Free to download in these pestilent times, or at least until he can begin gigging again, Harry Skinner's second solo album is a graceful amalgam of the last I-don't-know-how-many years slinging a guitar for the benefit of his and other people's songs. His name may be familiar to blues watchers from his three decades (and counting) with far-feted New Wave of British Blues outfit The Producers and the acclaimed duo he gigs with that band's bassist Dave Saunders. More recently his guitar has brought depth and breadth to the Anglo-Americana beat group tangles of south coast combo Dumb Poets.
It's a rich history and it all plays into these solo meanderings, from the folk-country banjo skips and restrained slide guitar that drive Rich Man Poor Man Beggar Man Thief to the crafted picking and chord changes that speak of jazz as much as proggy-folk on Summer's Gone. The playing is matched perfectly by a time-soaked vocal performance that more than makes up for its untrained rasps with bags of feel tempered and finessed on a thousand nights on a thousand stages. The enchanting Follow the Dog gamely mines the blues root still further although it's A Meditation on Blind Willie Johnson that really takes the biscuit. The clue's in the title of course, but it's the treatise of a devotee and more than enough to urge further exploration if you've not yet had the pleasure.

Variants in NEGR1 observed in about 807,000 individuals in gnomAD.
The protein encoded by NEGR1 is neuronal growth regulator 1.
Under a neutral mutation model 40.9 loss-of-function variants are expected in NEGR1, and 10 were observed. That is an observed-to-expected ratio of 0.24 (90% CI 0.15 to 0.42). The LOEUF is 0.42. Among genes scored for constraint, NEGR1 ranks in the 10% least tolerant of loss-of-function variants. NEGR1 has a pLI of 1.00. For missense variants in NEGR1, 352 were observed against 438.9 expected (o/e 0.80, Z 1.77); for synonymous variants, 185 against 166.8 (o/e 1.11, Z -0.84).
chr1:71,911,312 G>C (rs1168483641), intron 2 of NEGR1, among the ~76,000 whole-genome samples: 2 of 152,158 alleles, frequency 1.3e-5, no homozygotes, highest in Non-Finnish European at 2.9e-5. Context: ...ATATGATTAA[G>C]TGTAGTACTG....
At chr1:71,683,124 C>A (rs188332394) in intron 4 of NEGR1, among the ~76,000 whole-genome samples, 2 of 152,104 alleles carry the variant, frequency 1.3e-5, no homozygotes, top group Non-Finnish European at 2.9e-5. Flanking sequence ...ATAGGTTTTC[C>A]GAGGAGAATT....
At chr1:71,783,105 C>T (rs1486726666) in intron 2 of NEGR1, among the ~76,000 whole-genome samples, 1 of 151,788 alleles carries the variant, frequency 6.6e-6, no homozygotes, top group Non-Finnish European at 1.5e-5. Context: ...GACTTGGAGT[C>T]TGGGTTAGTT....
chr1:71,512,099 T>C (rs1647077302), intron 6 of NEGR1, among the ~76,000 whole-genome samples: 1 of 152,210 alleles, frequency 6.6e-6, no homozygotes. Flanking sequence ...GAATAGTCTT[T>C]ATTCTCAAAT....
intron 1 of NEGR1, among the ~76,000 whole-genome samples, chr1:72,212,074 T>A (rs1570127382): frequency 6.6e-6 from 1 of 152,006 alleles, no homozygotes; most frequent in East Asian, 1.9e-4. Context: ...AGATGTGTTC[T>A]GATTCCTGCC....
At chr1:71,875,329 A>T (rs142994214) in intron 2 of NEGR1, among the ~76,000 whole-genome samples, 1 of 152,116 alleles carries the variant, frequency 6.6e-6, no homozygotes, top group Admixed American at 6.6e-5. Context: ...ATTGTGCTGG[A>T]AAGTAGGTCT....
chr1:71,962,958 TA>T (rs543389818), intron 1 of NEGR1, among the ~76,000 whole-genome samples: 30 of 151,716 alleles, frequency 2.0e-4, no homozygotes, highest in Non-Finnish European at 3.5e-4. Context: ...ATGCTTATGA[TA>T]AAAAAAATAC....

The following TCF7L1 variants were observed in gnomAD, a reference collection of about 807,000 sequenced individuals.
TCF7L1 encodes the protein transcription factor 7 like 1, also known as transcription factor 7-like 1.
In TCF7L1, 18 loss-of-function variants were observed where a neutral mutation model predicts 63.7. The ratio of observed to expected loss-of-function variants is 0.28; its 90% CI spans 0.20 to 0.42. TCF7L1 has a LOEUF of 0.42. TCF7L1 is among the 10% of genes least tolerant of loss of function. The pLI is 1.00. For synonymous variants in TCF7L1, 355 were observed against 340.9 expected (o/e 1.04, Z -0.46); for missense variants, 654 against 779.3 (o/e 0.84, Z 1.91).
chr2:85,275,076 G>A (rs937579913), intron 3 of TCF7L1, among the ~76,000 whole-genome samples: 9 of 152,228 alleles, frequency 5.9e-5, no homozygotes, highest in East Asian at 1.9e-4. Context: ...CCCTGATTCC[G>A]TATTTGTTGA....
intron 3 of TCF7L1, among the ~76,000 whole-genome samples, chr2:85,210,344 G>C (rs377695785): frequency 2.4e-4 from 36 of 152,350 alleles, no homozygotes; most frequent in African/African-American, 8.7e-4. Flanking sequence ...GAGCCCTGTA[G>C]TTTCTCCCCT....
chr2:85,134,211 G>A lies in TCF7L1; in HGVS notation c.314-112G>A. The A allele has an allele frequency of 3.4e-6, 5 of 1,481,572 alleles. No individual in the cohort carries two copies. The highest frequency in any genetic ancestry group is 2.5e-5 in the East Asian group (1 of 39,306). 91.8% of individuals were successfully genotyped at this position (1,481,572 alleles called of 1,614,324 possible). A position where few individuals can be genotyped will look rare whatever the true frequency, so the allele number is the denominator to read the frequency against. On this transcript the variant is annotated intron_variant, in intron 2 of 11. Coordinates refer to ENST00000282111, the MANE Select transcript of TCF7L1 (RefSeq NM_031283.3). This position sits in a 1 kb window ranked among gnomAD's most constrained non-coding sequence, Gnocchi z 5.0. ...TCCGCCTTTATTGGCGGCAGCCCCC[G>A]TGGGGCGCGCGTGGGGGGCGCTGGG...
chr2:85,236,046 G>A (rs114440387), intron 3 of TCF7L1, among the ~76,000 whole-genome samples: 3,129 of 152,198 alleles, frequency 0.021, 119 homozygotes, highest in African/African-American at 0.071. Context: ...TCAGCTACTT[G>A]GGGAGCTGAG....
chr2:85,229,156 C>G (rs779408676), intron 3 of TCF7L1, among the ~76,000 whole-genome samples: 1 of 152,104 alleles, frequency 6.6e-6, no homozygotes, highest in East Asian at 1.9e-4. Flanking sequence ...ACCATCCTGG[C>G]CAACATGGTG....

And perhaps that's the greatest surprise of this charming record - with its expressive hints of Tom Waits, Dylan, maybe even Levon Helm, Skinner's voice is warm, rich, captivating and open to the song as much as the lyric. Dearest Friend could be the lament of the year for a lost connection; while the opening Bamako is a folkie campfire anthem for the summer we might yet be robbed of; and the instrumental Firefly alters perception with some spectacularly tricky guitar.
The album closes with the reflective, heartfelt title track that delivers a strong hook and robust chorus in spite of its apparently fragile guitar-only setting; and The Sunday Drive, a wind-in-the-hair instrumental demonstration of the fine art of knowing exactly when enough is enough.
Too Much Water is ample reward for taking a detour from your planned path online in these lockdown months. Recommended.
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